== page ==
Being inside on a rainy day was torture when I was a little kid. I remember looking out the window as a young boy at my grandparents’ house at the Jersey Shore, obsessed with a depression in our front yard, right next to a weeping willow, that always held a puddle of water when it rained, making a tiny swamp. (Mind you, this was before folks in my current business rebranded swamps to “wetlands,” thus making them somehow more pleasant.) I hated that little swamp. It represented a missed day of playing on the beach or riding bikes. There were only so many days in the summer, after all.
Then a funny thing happened. I went out just after the rain and decided to step into this little swamp. I can’t remember why, though I was never known for the best of judgment back then. I slapped my whole bare foot into that puddle and remember exhilaration. I kicked and hopped and splashed, reveling in all my muddy glory. My joy apparently was aerosolized, since friends on the block came out to join me. It ended up an amazing experience, found in such an unlikely mud puddle. (I’ll save the rest of the story, when we all walked back into our houses. Suffice it to say, the parents of Griffin Street don’t look back with such fondness.)
Attitude Can Change Perception
Right now, we are all largely sitting home staring out of the biggest swamp our collective yard can muster, watching our year slip away and bombarded by a toxic cocktail of generic national death counts and personal losses, stirred up by an overwhelming uncertainty of whether life will return to, if not normal, something more recognizable. On a personal (and consumer) level, it can be dispiriting and debilitating. It can feel hopeless.
But a change in attitude and a change in approach can change people’s perceptions. How we communicate now has never been more important. Brands need to understand how to speak to clients and customers and meet them where they are—frightened, disheartened, nervous—to solidify the relationships they have and build new ones. A mud puddle will always be a mud puddle, but you can find ways to look at it differently and share that positive view with others. The easiest way to do this is by injecting a note of optimism into your communications.
Keep a Positive Outlook
Is it appropriate to be optimistic at a time of such uncertainty? Absolutely. There’s always room for a positive outlook in your messaging. It can be sustaining for those of your clients and partners who rely on you in some way for guidance or outlook. In fact, a bias toward optimism is a valued tool for most business leaders. Not only is it appropriate, it’s a requirement.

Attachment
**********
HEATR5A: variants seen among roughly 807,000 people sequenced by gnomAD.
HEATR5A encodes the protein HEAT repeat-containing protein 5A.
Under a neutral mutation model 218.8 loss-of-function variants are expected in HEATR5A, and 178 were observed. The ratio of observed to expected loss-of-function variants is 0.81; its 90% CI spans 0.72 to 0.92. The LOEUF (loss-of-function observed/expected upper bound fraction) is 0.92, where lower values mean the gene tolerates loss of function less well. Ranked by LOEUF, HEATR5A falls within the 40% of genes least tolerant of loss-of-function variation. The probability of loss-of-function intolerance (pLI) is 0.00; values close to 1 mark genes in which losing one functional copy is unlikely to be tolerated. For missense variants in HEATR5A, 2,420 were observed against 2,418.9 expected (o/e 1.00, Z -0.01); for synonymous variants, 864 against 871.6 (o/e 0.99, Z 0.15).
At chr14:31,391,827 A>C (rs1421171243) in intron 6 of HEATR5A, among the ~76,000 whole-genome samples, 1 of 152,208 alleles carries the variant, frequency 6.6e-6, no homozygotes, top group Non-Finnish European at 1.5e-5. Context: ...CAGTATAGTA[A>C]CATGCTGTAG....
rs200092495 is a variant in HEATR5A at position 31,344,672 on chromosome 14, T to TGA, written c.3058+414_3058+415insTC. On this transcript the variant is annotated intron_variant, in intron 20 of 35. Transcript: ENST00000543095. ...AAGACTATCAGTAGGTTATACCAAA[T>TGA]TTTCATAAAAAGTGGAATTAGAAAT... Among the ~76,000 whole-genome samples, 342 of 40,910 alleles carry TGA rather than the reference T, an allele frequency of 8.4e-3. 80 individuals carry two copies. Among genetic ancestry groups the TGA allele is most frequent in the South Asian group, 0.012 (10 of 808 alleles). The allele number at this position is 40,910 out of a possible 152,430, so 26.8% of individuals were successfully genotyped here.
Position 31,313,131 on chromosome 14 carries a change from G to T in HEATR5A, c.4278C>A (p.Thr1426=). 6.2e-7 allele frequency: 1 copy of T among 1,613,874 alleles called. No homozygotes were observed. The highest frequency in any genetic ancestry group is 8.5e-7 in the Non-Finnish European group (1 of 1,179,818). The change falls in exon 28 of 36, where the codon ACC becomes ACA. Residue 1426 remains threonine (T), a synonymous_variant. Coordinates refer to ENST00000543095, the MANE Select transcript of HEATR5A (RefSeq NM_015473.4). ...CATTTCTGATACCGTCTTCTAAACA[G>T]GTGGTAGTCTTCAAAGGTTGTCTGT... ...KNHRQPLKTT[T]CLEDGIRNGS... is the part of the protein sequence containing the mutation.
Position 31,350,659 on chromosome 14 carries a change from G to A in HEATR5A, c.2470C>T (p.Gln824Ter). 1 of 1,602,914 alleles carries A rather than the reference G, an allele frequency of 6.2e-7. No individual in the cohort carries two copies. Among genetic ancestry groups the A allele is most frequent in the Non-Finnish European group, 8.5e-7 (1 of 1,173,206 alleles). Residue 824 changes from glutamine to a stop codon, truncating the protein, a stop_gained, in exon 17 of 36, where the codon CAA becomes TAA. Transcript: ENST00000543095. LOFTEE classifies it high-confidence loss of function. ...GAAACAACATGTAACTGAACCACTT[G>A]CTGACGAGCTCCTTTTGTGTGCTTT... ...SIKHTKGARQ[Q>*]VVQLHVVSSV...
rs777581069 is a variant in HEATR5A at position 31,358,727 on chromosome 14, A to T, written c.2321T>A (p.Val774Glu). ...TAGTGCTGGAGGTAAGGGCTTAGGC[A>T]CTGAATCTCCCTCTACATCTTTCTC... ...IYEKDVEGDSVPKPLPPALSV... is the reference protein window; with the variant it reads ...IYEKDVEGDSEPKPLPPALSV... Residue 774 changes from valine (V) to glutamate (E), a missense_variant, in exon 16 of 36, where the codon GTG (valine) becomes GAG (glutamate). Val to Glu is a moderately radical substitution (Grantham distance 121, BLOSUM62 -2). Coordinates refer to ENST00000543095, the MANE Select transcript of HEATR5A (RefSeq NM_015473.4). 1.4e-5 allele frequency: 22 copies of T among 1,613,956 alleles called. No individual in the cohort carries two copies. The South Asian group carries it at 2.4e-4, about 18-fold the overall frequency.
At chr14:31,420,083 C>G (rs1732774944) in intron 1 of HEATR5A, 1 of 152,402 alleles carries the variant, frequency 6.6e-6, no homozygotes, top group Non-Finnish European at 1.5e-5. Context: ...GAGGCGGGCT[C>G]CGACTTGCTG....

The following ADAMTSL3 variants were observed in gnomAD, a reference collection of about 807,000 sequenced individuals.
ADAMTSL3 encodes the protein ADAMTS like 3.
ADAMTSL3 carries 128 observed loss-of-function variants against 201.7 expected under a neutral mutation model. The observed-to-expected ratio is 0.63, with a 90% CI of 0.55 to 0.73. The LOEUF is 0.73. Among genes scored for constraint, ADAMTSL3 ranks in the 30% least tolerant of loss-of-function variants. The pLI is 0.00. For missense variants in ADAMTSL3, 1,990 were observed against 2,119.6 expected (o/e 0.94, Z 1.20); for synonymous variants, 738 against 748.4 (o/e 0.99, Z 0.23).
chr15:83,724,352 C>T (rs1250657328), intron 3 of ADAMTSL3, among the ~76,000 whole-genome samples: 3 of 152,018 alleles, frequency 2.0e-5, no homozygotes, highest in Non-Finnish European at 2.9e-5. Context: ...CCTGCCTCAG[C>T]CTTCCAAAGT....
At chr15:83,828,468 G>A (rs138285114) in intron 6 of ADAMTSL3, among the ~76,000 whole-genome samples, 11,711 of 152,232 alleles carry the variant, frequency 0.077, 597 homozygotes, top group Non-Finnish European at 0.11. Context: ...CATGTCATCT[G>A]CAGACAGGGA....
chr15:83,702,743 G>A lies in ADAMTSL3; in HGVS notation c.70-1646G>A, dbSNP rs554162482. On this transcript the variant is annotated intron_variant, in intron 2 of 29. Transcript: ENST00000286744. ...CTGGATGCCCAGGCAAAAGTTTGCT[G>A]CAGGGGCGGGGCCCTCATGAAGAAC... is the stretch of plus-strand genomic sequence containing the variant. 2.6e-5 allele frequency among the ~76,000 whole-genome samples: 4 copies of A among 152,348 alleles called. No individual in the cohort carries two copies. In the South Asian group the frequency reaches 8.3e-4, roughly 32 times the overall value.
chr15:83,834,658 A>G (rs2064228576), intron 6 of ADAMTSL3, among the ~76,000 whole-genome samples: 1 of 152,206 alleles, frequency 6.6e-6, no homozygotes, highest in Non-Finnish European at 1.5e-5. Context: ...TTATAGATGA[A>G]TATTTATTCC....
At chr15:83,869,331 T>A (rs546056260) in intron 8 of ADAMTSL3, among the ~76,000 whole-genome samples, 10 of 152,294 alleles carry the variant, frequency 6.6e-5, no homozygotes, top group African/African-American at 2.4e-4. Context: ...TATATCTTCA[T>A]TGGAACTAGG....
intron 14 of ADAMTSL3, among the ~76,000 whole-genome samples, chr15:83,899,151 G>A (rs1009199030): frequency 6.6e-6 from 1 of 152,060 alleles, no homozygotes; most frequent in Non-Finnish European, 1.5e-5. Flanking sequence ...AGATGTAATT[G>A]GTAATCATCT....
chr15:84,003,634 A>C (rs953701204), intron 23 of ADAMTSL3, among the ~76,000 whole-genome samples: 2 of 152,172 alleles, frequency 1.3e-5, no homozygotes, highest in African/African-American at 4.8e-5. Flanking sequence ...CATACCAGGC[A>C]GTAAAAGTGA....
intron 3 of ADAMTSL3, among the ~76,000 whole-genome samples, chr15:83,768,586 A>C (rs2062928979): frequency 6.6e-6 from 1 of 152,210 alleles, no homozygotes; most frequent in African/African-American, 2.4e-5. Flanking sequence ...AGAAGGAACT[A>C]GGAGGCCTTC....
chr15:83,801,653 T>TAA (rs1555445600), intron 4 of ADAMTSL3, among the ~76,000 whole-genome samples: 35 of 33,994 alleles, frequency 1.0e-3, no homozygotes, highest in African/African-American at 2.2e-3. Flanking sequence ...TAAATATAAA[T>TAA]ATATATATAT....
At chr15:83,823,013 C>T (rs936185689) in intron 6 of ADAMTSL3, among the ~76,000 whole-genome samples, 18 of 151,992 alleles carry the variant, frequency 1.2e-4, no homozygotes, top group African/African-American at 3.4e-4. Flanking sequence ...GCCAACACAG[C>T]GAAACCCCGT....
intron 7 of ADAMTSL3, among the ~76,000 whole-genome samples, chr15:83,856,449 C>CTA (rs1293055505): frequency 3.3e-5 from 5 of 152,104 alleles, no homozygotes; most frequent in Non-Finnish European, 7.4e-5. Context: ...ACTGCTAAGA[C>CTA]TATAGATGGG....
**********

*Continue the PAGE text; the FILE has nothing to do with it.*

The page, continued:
4 Ways to Be Optimistic in Your Messaging
So, how do you start to inject a more optimistic tone in your messaging? Here are a few starting points:
1. Give People a Chance to Smile
There are few industries more decimated by Covid-19 than the airlines. Flights have been cancelled, people are staying put and planes are being mothballed. So, I was shocked to get, of all things, a marketing email from JetBlue. The headline? “Someday Is Coming!” I found it a masterful piece of marketing. It made no promises about when flights might be more available, but it was a reminder that planes will fly again. It was an elegant and optimistic touchpoint, one that cheered customers and deepened relationships. You couldn’t help but smile, which, in itself, is a gift.
2. Start from a Place of Caution
There’s a difference between an injection of optimism and sounding Pollyanna. There is much we don’t know. But policymakers know enough that, even in the hardest-hit areas of the country, there are signs that allow us to at minimum present roadmaps for rebuilding and, at most, open some businesses and services. How your brand communicates its role in this rebuilding is immeasurably important. But it’s important to be optimistic in a prudent way. You don’t want to set deadlines you can’t meet. In that case, the failure to meet them becomes more of the story than the actual progress. Acknowledge the uncertainty but do so from the standpoint that things will improve and you will be there to help bring about that positive change.
3. Hope Over Fear
Intimacy in communication is vital right now, since so many people feel isolated. If you’ve been effective at staying in touch with clients, customers and partners through this, you’re in the best position to help people change their own thinking about the future. You can play a role in helping people make, as Nelson Mandela said, choices that reflect their hopes rather than their fears. Think of how meaningful that can be, and it’s all driven by how you and your brand choose to communicate.
4. Don’t Fight with the Pigs
It might seem ironic for an article that started about a mud puddle, but you want to stay out of the mud, particularly on social media. Crises like our current one often bring out the best in people, but they also amplify how downright gleefully negative and toxic people can be on social media. As the cliché goes, you don’t want to fight with the pigs because you both get dirty and the pigs like it. As you engage with people on social or in other channels, always take the high road and avoid the slugfests that other people seem to revel in. Optimists—and true business leaders—don’t have time for that sport.
Help People Choose Optimism
In the end, there’s no way to compel people to be optimistic. That is always a personal choice. But you can play a role in helping people make that choice by the way you choose to speak with them. Make no mistake, it is an important power. As Viktor Frankl so eloquently wrote about his time at Auschwitz, “When we are no longer able to change a situation, we are challenged to change ourselves.” Help your clients and customers make meaning of this.